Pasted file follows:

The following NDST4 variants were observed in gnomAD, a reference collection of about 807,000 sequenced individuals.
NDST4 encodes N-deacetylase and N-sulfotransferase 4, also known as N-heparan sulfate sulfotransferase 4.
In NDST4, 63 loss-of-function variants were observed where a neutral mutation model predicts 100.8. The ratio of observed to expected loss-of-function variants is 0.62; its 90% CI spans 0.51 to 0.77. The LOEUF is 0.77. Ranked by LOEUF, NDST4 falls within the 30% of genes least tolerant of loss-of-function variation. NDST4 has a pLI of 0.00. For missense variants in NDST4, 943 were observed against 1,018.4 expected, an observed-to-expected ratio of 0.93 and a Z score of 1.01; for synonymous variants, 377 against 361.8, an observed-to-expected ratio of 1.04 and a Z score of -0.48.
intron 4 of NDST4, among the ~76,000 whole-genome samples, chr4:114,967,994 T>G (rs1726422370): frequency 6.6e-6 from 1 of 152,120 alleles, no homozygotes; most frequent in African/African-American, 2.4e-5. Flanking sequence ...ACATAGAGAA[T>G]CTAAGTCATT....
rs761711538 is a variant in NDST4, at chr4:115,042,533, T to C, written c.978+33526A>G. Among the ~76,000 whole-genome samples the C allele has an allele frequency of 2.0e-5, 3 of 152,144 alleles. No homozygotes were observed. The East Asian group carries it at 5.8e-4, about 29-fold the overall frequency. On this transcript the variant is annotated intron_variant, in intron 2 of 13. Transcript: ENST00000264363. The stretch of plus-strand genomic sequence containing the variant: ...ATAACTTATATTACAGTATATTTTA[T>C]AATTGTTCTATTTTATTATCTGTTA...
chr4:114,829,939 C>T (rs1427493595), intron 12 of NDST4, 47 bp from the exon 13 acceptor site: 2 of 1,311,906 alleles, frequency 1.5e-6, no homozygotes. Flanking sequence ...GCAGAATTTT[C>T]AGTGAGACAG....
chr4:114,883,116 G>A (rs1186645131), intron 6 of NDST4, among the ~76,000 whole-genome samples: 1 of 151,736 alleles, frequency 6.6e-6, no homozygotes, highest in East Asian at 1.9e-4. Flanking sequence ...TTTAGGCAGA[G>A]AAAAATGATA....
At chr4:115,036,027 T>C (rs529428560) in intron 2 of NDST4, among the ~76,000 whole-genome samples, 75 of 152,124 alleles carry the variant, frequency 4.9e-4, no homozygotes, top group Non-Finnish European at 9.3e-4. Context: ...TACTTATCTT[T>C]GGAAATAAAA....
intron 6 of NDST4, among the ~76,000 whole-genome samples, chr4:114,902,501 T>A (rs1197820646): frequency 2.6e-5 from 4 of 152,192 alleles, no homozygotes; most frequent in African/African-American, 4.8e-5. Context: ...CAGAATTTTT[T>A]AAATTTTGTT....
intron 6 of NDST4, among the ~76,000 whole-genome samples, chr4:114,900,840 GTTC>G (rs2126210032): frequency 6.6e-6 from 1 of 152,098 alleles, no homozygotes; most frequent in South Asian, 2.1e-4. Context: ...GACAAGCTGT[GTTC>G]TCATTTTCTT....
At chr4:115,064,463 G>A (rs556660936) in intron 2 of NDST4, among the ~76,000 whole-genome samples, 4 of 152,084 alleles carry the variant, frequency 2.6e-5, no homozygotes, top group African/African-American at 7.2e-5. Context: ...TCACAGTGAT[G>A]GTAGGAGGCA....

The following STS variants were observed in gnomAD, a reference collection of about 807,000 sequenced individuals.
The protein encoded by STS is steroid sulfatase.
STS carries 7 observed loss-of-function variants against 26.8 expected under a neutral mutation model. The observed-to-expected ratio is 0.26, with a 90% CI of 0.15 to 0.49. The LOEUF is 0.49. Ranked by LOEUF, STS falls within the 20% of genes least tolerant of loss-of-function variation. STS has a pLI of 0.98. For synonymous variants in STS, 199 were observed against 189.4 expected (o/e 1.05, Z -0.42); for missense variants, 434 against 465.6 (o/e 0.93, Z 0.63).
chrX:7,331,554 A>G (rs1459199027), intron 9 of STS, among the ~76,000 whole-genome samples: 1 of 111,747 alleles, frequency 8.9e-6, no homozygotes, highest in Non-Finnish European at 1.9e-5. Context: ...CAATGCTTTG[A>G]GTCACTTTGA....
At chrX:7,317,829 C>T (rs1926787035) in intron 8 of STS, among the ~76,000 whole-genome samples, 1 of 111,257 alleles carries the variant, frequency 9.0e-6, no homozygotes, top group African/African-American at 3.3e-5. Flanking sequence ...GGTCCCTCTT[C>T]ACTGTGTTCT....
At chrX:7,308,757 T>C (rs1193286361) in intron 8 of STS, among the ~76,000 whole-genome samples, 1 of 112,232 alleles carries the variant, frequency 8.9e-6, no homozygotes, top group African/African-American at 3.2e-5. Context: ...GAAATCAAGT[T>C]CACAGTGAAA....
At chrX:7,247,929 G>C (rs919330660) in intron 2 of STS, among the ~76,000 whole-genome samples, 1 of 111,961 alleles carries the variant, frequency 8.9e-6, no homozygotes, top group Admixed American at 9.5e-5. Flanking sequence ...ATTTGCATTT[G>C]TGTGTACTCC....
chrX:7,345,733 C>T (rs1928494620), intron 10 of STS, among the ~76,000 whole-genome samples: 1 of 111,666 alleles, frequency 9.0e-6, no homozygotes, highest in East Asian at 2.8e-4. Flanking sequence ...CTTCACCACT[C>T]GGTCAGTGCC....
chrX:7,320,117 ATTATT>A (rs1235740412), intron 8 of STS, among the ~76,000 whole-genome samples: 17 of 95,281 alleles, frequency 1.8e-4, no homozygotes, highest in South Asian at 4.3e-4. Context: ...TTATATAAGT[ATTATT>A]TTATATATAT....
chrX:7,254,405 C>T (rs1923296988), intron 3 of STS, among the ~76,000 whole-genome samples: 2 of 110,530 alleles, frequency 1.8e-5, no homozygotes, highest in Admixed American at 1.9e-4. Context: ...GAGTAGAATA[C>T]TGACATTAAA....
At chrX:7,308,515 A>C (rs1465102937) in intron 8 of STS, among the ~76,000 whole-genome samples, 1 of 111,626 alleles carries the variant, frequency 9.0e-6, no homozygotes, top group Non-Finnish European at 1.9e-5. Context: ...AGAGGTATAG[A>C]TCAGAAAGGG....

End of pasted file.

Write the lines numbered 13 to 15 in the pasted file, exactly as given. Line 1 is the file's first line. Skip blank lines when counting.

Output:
The protein encoded by STS is steroid sulfatase.
STS carries 7 observed loss-of-function variants against 26.8 expected under a neutral mutation model. The observed-to-expected ratio is 0.26, with a 90% CI of 0.15 to 0.49. The LOEUF is 0.49. Ranked by LOEUF, STS falls within the 20% of genes least tolerant of loss-of-function variation. STS has a pLI of 0.98. For synonymous variants in STS, 199 were observed against 189.4 expected (o/e 1.05, Z -0.42); for missense variants, 434 against 465.6 (o/e 0.93, Z 0.63).
chrX:7,331,554 A>G (rs1459199027), intron 9 of STS, among the ~76,000 whole-genome samples: 1 of 111,747 alleles, frequency 8.9e-6, no homozygotes, highest in Non-Finnish European at 1.9e-5. Context: ...CAATGCTTTG[A>G]GTCACTTTGA....